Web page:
It’s hard to say good-bye especially when we are rushed to organize our things and prepare for the next leg of this adventure. We met up with different friends during our last week here, and we also took some strolls around town knowing we won’t be back to this lovely place for a long time…if ever again.
In lieu of words, I have photos of recent jaunts around town. The stormy skies offer a dramatico backdrop to the vibrant colors of this gorgeous town. My new and temporary motto: Less paragraphs more photographs!
Aurea taught us the phrase, eye taco or taco de ojo. For example, that George Clooney, he is total eye taco.
Vendors of Suspiros
Daily, several times a day, vendors knock on our door working to sell their wares. The one vendor who never knocked used another resource, his voice. The video below is of the vendor that we hear and/or see every evening between 6:00 and 6:30. To this day, we have little idea of what the guy is actually saying. But given how he carries buckets of food, one can assume he is calling for dinner.
Adiós is different than good-bye. Literally, it means go with God. So, Adiós San Miguel with your stunning structures and warm communities. Adiós to new friends. Adiós to great food and world class cultural events. And Hola to the new adventure that awaits us! We’re hitting the road to explore southern Mexico before we return to the United States. What a journey, and the good news is that we have more to come! And despite the fact I lost my wallet which held 500 pesos ($40US) and my driver’s license, life is awesome!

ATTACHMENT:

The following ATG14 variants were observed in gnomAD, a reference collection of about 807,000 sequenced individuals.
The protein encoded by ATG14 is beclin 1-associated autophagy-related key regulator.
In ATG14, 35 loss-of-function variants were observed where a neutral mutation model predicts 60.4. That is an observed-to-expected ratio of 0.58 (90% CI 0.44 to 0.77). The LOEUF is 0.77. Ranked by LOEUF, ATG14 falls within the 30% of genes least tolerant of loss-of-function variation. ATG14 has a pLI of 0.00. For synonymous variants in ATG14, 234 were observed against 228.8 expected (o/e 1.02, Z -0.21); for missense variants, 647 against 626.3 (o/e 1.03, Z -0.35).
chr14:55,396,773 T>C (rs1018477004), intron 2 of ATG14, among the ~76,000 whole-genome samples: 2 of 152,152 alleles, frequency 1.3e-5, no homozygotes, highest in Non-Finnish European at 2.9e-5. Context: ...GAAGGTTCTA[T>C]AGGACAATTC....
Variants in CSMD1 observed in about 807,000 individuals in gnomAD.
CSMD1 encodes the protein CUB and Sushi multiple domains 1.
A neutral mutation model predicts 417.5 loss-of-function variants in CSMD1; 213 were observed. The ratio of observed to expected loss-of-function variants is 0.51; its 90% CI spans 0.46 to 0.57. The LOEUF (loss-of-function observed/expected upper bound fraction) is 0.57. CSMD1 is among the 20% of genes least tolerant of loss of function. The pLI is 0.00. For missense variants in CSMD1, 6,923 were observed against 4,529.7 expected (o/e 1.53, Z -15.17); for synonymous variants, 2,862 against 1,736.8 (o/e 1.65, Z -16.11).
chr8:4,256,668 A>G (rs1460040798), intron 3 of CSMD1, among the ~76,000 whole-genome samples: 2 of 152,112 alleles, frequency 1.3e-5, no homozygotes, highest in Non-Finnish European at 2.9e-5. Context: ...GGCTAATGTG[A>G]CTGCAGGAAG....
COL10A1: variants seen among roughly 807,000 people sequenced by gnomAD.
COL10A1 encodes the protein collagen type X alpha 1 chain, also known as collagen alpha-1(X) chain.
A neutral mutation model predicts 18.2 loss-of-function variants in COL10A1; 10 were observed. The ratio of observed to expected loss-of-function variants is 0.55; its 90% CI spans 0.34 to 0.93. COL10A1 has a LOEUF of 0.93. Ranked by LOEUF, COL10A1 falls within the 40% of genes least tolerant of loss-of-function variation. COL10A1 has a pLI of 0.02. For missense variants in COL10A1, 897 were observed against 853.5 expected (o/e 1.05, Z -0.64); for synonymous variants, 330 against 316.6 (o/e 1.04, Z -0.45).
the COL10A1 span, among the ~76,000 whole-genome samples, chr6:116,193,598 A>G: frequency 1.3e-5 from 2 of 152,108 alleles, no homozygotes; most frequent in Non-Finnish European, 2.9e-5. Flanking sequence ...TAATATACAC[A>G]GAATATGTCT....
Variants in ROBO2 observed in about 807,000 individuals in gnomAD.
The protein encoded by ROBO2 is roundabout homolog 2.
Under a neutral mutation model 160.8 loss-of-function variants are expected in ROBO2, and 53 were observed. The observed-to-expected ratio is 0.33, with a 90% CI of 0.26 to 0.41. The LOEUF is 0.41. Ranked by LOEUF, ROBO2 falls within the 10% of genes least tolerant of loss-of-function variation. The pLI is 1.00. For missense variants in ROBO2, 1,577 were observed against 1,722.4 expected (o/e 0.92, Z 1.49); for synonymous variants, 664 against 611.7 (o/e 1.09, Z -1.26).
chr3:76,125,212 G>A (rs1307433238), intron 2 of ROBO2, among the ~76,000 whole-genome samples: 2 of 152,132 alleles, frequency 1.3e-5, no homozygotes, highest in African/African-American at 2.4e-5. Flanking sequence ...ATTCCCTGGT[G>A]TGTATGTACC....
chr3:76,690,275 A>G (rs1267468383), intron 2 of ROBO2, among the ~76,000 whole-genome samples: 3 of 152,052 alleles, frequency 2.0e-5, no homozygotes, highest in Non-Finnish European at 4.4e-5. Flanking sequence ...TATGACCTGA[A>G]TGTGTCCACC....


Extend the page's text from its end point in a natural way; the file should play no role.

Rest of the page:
~Alfred TennysonPainful though parting be, I bow to you as I see you off to distant clouds.
Nothing makes the earth seem so spacious as to have friends at a distance; they make the latitudes and longitudes.
~Henry David Thoreau
~Carol Sobieski and Thomas Meehan, Annie
~Jean Paul Richter
~Theodor Seuss Geisel, attributed
*Photos and stuff* Please contact me for permission to use images and text for commercial or private use.
To see Mexico Post #19, Ciudad de Mexico/Mexico City: Colonia Condesa, Colonia Coyoacán, y La Casa Azul, click here.
To see Mexico Post #20, Ciudad de Mexico/Mexico City: Chapultapec y Centro Historico, click here.
To see Mexico Post #21, Ciudad de Mexico/Mexico City: Museo Nacional de Antropologia y Templo Mayor, click here.
To see Mexico Post #22, Living the Dream in San Miguel de Allende, click here.
To see Mexico Post #23, Viva la Independencia! click here.
To see Mexico Post #24, Adios San Miguel, click here.
To see Mexico Post #25, Valle de Bravo y Teploztlán, click here.
To see Mexico Post #26, Ciudad de Oaxaca, click here.
To see Mexico Post #27, 50 Shades of Green: On the road from Oaxaca to Chiapas, click here.
To see Mexico Post #28, San Cristóbal de las Casas, click here.
To see Mexico Post #29, The Almost Halloween Edition: Dark Mountains, Foggy Cliffs, Witches, Jungles and Shamans, click here.